Gold is an age-old investment avenue for us Indians, especially around the festive and wedding seasons. Over the past decade though, there has been a shift in the way we invest in this precious metal. Moving from the traditional forms of jewellery, gold coins and gold bars, we now have gold ETFs (exchange traded funds), SGBs (sovereign gold bonds) and digital gold as options. Of all these forms, SGBs shine the brightest. Let’s explore how and why.

What are Sovereign Gold Bonds?

Sovereign gold bonds are government securities issued by the RBI. SGBs are denominated in gold, each unit representing one gram of gold. These were first launched in November 2015, as an alternative to physical gold.

How do Sovereign Gold Bonds work?

The bonds are offered by banks, designated post offices and authorised stock exchanges from time to time. The tenure of these bonds is eight years, with a fixed lock-in period of five years. On maturity, the redemption proceeds are credited to the bank account directly. However, you may sell the bonds on the stock exchange before maturity but after the lock-in period.

One of the main reasons SGBs are better than all other forms of investing in gold is the interest one earns. In addition to the appreciation in the price of gold, an interest of 2.5% per annum is paid out to investors semi-annually.

Further, there is no tax on capital gains on the redemption proceeds at maturity. Only the interest is taxed as per regular tax slab rates. However, if one sells the bonds after the lock-in period and before maturity, the gains will be taxable.

A Brief Comparison with Other Forms of Gold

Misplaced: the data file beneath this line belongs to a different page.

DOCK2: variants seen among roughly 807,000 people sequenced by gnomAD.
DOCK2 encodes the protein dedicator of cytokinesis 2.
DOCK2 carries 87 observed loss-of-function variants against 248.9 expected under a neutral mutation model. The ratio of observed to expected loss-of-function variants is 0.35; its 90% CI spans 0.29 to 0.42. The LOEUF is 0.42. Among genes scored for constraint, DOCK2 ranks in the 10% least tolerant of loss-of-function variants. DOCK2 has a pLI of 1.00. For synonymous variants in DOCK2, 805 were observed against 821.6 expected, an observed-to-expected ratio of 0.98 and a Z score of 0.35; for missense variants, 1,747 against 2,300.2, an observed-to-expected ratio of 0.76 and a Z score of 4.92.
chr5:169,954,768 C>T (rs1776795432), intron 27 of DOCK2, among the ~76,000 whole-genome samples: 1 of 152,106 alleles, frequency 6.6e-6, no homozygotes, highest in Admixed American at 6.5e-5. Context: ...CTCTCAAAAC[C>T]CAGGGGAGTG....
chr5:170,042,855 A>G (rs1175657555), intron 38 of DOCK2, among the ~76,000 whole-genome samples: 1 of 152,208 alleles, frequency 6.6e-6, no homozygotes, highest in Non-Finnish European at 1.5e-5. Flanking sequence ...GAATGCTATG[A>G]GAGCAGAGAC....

Sovereign Gold Bonds Comparison Chart
Sovereign Gold Bonds compared with other forms of gold investments
(Click to view enlarged image)

Let’s consider a quick example

Say Sita and Gita invested Rs. 2 lakhs each in SGBs and gold bars respectively. At the end of 8 years, Sita will not only have received the current value of gold, but she would have also earned interest over the entire period. Moreover, in case she now wants to buy gold jewellery, there will be no additional charges to convert gold bars into jewellery. Gita on the other hand, would not have earned as much and would have spent additionally on keeping the gold bars safe in a locker, or run the risk of theft by keeping it at home.

The Bottom-line

It is clear from the example as well as the comparison chart that sovereign gold bonds outshine the other forms of investments in gold. There is a bigger question here though. If you were to ask me whether one should invest in gold at all or not, I would say that gold isn’t essential for a well-rounded investment portfolio.

While gold does beat inflation to a certain extent, and can act as a good hedge against it, rising gold prices merely give an illusion that the returns are good. For instance, over a 40-year period, from 1981 to 2021, the price of gold has gone up 29 times (from Rs.1,800 to Rs.48,720 per 10 grams). Whereas, over the same period, the stock market (Sensex) has gone up 338 times, from 173 points to 49,509 points!

A bit of diversification is all that investing in gold offers. This too must be restricted to a maximum of 5% of your total investments. And picking SGBs over physical gold is the smarter move.

Author Bio - Komal Shivdasani

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